}} General Election 1939/40: Another General Election was required to take place before the end of 1940. The political parties had been making preparations for an election to take place from 1939 and by the end of this year, the following candidates had been selected. General Election 1914/15: Another General Election was required to take place before the end of 1915; the political parties had been making preparations for an election to take place and by the July 1914, the following candidates had been selected. Manners was appointed First Commissioner of Public Buildings, requiring a by-election. Manners resigned causing a by-election. Miller resigned. Rebow's death caused a by-election. List of Parliamentary constituencies in Essex Notes References Robert Beatson, "A Chronological Register of Both Houses of Parliament" D Brunton & D H Pennington, Members of the Long Parliament Cobbett's Parliamentary history of England, from the Norman Conquest in 1066 to the year 1803 F W S Craig, "British Parliamentary Election Results 1832-1885" J E Neale, The Elizabethan House of Commons Henry Stooks Smith, The Parliaments of England from 1715 to 1847 Victoria County History of Essex online at www.british-history.ac.uk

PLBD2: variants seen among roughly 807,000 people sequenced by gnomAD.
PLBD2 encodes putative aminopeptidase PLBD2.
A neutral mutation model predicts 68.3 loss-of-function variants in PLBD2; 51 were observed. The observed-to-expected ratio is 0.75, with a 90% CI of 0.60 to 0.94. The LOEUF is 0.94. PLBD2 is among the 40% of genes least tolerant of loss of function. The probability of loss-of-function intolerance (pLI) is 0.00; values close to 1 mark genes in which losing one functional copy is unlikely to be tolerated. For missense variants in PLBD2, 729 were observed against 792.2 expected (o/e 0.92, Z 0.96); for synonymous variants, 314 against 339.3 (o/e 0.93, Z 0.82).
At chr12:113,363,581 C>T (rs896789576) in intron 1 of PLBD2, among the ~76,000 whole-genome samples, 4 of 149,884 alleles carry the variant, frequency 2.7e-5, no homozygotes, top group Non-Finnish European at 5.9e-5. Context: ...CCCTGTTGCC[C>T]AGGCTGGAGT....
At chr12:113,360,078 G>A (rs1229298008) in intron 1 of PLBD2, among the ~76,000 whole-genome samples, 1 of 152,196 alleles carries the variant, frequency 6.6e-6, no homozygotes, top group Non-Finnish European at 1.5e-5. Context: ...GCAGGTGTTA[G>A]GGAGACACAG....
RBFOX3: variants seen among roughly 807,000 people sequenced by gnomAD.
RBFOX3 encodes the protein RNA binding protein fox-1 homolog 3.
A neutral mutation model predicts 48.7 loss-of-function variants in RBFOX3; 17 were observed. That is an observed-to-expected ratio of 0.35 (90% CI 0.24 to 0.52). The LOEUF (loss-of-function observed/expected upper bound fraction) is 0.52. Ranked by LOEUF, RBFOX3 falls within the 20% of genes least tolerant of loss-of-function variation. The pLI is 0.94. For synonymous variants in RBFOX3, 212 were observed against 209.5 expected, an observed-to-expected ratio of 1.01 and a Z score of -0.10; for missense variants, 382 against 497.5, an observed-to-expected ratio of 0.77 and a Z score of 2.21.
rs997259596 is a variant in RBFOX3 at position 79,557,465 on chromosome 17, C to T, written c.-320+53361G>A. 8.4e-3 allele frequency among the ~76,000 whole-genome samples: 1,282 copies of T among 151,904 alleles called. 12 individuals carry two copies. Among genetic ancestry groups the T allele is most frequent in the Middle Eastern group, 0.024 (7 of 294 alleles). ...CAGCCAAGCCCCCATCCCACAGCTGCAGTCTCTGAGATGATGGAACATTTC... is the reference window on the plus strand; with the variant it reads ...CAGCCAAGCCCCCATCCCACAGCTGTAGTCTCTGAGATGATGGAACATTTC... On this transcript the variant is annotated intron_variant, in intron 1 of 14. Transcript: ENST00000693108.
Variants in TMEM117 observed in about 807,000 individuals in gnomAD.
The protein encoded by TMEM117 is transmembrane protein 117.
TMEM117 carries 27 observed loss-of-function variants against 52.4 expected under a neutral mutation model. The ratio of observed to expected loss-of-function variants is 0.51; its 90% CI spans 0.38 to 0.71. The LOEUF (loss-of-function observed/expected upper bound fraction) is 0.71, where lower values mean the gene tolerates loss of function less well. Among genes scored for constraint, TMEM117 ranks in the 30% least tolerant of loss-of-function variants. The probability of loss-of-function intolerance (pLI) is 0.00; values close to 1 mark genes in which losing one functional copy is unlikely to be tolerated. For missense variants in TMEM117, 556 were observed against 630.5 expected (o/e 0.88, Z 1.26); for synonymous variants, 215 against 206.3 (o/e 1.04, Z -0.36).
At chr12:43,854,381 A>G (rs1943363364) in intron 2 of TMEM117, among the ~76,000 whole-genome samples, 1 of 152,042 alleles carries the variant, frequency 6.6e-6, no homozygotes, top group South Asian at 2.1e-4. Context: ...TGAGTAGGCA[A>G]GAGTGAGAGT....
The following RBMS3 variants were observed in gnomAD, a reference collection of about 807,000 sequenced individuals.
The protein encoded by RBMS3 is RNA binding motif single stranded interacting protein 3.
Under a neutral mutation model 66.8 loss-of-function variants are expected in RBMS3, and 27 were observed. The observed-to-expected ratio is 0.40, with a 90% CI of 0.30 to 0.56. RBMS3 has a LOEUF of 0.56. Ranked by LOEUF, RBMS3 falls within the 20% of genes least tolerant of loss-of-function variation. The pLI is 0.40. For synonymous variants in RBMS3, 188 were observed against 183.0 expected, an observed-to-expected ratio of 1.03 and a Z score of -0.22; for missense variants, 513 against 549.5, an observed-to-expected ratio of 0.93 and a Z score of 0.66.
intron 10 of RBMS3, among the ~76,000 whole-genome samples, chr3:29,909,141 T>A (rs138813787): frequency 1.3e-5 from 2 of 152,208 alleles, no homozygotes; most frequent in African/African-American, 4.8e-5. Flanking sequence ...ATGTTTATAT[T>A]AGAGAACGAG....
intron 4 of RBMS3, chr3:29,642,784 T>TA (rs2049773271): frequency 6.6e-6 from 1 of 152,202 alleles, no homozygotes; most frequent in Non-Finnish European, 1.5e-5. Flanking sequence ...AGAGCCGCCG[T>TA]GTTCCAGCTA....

Edwin Duncan Sandys, Baron Duncan-Sandys, was a British politician and minister in successive Conservative governments in the 1950s and 1960s. He was a son-in-law of Winston Churchill. Sandys, born on 24 January 1908 at the Manor House, Sandford Orcas, was the son of George John Sandys, a Conservative Member of Parliament and Mildred Helen Cameron. Sandys' parents divorced in January 1921, his mother married Frederick Hamilton Lister in October that year. He was educated at Magdalen College, Oxford, he entered the diplomatic service in 1930, serving at the Foreign Office in London as well as at the embassy in Berlin. He became Conservative Party Member of Parliament for Norwood in south London in a by-election in March 1935, at which he was opposed by a candidate put up by Randolph Churchill. In May 1935, he was in effect saying that Germany should have a predominant place in central Europe, so that Britain could be free to pursue her colonial interests without rival. In 1937, Sandys was commissioned into the 51st Anti-Aircraft Brigade, Royal Artillery, of the Territorial Army.